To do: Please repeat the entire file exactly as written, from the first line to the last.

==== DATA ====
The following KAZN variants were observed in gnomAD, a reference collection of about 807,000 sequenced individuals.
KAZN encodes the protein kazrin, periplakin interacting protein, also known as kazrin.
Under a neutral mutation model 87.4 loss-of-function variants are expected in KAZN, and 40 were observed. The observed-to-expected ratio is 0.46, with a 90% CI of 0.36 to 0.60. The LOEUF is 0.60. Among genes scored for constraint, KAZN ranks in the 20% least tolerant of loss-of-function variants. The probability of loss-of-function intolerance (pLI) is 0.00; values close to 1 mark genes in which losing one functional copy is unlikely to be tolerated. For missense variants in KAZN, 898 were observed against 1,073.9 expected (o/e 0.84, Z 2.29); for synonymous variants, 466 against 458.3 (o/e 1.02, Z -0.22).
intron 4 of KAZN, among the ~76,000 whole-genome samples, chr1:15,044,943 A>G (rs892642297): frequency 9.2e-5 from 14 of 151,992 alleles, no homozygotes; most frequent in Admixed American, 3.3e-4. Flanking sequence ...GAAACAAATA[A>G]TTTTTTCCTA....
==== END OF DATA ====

The following KAZN variants were observed in gnomAD, a reference collection of about 807,000 sequenced individuals.
KAZN encodes the protein kazrin, periplakin interacting protein, also known as kazrin.
Under a neutral mutation model 87.4 loss-of-function variants are expected in KAZN, and 40 were observed. The observed-to-expected ratio is 0.46, with a 90% CI of 0.36 to 0.60. The LOEUF is 0.60. Among genes scored for constraint, KAZN ranks in the 20% least tolerant of loss-of-function variants. The probability of loss-of-function intolerance (pLI) is 0.00; values close to 1 mark genes in which losing one functional copy is unlikely to be tolerated. For missense variants in KAZN, 898 were observed against 1,073.9 expected (o/e 0.84, Z 2.29); for synonymous variants, 466 against 458.3 (o/e 1.02, Z -0.22).
intron 4 of KAZN, among the ~76,000 whole-genome samples, chr1:15,044,943 A>G (rs892642297): frequency 9.2e-5 from 14 of 151,992 alleles, no homozygotes; most frequent in Admixed American, 3.3e-4. Flanking sequence ...GAAACAAATA[A>G]TTTTTTCCTA....